The shelves and coolers are crammed from floor to eye-level with chips, cookies, soda, cereal, and fruit drinks, high in sodium and processed sugar but low in nutritional value. Beer and malt liquor are sold in six packs, singles, and quarts. Cigarettes and rolling paper are behind the counter at the front of the store, just inside the door.
But take a closer look. Alongside the colas, chips, and crackers, within reach of the beer and single-wrapped pieces of beef jerky, are milk, orange juice, oatmeal, and fresh bananas; diapers, paper towels, soap, and light bulbs; extension cords, toilet paper, and pencils; behind the counter, next to the cigarettes and cigarillos, are the pain relievers, cough syrup, and eye drops. The man who passed me in the aisle bought a 12 oz. bottle of orange juice and a quart of Magnum Malt Liquor.
It is the only store like it for blocks around. “This is where poor people shop in the city,” Iris Roley told me. Iris is a community activist. Like Maris, she has lived in Cincinnati all her life. But unlike Maris, Iris is black. She’s part of a small but tenacious group of activists and religious leaders in the city, mostly black, who have dedicated much of their adult lives to reforming police practices in Cincinnati. She was one of the plaintiffs in a lawsuit filed by the ACLU against the Cincinnati Police Department and the city in 2000. She explained, “For a lot of people, they can’t just hop in the car and drive to Trader Joe’s. I told Maris, ‘you can’t close that store.’”
And she didn’t. Rather than shut it down and arrest a few more low-level dealers, Maris decided to make it a better and safer market. She wasn’t being soft on crime or acceding to the misplaced demands of a community activist. She was acting on the latest research into what scholars call “the criminology of place.” In the end, nobody was arrested at Sulli’s and nobody went to jail. Nobody was prosecuted. No property was forfeited, no licenses lost. Sulli’s is still open and is still owned by the same people.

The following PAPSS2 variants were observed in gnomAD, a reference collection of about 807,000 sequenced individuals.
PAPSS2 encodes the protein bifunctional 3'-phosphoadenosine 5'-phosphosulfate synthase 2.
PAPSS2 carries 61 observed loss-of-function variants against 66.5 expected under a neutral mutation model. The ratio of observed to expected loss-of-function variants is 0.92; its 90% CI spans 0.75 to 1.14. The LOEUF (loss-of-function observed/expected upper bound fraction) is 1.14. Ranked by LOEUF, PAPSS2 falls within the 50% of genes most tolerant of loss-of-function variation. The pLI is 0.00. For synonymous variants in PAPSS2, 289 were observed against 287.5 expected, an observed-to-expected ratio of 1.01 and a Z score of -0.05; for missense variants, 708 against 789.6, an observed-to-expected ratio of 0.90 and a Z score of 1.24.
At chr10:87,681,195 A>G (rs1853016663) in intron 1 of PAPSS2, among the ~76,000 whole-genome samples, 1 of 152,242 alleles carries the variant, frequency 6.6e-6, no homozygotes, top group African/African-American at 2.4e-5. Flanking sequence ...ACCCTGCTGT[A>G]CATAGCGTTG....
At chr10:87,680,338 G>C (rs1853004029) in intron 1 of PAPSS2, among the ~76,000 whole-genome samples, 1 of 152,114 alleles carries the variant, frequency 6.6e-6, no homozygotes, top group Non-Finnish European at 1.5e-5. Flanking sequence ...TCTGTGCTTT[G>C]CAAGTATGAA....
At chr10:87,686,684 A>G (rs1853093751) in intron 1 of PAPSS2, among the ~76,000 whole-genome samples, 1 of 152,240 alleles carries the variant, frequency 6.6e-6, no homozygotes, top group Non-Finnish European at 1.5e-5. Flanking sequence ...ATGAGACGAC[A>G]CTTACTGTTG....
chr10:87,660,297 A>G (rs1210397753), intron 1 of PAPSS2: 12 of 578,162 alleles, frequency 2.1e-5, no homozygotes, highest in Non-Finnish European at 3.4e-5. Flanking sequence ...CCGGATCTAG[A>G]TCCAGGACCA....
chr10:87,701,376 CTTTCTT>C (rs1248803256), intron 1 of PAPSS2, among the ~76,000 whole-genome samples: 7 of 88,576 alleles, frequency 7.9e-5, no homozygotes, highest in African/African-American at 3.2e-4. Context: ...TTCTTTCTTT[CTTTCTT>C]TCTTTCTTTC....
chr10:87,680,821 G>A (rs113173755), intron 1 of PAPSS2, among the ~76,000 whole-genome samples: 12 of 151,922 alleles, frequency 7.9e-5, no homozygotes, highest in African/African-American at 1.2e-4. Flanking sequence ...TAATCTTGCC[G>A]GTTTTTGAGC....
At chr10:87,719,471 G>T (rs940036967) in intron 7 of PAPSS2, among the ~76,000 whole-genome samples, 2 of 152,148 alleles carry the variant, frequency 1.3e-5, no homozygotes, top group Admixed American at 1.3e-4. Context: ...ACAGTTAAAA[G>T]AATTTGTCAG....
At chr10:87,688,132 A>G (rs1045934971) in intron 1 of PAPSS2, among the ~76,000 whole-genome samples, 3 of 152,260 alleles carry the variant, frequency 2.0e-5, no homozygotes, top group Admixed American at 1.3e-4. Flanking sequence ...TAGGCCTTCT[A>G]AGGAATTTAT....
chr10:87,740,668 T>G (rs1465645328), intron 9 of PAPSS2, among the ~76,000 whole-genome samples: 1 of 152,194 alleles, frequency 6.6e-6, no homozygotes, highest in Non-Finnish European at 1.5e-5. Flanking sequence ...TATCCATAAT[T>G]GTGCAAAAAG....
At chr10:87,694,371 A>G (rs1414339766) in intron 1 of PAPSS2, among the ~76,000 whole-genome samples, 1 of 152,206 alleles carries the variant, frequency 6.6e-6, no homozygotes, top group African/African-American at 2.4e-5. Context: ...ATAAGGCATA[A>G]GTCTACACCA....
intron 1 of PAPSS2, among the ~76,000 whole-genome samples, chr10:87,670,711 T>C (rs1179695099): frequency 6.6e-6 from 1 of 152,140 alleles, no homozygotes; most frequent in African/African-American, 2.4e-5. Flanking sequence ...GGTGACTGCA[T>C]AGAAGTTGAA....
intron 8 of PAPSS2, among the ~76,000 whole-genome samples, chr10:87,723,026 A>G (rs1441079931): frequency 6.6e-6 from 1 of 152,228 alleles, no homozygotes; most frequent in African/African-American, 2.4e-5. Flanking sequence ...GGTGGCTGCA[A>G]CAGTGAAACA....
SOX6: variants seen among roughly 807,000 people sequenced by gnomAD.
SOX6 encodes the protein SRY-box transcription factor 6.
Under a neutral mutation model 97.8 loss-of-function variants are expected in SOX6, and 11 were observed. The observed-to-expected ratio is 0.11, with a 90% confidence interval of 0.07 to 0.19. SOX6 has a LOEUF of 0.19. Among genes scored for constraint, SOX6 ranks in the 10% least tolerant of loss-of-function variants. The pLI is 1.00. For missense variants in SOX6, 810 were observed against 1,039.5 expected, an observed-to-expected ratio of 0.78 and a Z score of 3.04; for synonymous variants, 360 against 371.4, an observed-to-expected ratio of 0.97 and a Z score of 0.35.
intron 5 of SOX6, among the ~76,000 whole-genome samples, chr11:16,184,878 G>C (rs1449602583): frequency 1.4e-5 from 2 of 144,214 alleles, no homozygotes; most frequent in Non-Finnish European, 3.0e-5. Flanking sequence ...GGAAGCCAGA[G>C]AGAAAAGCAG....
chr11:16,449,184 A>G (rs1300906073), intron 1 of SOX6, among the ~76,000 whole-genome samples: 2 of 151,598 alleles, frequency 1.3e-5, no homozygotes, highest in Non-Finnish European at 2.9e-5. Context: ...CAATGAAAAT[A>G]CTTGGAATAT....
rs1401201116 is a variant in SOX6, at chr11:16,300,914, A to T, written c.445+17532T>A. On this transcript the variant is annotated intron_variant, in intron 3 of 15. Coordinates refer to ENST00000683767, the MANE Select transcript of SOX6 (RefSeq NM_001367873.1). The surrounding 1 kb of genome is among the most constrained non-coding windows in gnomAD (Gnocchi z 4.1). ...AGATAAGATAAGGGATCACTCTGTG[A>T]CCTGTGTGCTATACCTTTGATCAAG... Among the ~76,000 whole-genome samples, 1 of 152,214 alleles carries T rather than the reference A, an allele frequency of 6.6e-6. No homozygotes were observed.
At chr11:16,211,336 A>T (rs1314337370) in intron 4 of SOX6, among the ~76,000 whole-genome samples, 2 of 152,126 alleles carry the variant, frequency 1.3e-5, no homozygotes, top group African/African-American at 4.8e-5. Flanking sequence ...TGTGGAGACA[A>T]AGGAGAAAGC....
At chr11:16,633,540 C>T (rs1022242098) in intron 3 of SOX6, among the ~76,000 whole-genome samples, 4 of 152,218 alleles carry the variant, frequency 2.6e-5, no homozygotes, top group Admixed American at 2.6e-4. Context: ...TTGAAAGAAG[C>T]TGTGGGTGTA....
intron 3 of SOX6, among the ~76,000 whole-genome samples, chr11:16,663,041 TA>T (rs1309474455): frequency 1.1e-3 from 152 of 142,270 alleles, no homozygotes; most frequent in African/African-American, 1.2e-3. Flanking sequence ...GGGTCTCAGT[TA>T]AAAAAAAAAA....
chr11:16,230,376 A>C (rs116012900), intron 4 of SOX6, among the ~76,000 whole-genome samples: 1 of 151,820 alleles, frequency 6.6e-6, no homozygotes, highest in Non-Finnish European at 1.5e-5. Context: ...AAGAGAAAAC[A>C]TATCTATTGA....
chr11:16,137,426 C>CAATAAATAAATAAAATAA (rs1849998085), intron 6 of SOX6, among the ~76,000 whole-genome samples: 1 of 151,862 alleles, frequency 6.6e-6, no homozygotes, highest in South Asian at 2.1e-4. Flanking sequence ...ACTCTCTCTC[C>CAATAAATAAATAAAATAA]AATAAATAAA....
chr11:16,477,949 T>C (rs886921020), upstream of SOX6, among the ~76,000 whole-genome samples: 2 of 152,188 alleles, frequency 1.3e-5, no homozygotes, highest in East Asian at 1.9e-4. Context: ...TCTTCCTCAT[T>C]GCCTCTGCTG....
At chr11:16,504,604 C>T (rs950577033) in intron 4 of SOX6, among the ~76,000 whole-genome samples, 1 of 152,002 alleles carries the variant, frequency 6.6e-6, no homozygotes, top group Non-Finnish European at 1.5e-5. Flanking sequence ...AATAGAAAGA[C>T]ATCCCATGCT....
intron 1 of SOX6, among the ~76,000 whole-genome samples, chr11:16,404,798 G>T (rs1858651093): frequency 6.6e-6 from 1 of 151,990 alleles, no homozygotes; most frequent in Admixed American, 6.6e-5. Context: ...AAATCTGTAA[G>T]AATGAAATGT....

But the employees who sold the gun and drugs are gone. Those are the owners behind the counter. A prominent sign posted on an exterior wall warns, “No Drug Dealing. No Loitering. No Prostitution. We Call Police.” A large street light, newly installed, now shines down on the corner from its position at the edge of the lot.
Fixing the market at Washington and Sullivan preserved an important community resource and implemented the most effective and forward-thinking approach to crime control and community wellbeing. “Now it’s a good store,” Maris told me. Iris agrees. “It’s an important part of the community.” Maris calls the operation at Sulli’s a complete success. “What we did at Washington and Sullivan, I want to do throughout the whole city of Cincinnati.”
What happened at Sulli’s? Some of the changes were environmental and structural. These changes involved the application of a body of research known by its initials—CPTED (pronounced “sep-ted”)—which stands for “crime prevention through environmental design.” Other changes were in the management and control of the space, in this case by replacing the employees with owners. Solutions like these will naturally vary from place to place; practically by definition, problem solving resists a one-size-fits-all approach. And to those who wonder, “where did the crime go?” the answer is “nowhere.” When a city changes places, researchers tend to see not a displacement of criminal activity, but a diffusion of benefits; nearby places get better—more on all of this in subsequent columns. For now it is sufficient to close this column with this point: the place-based, problem-solving techniques employed at Sulli’s restored the market and improved the community without expanding the carceral state. That’s success.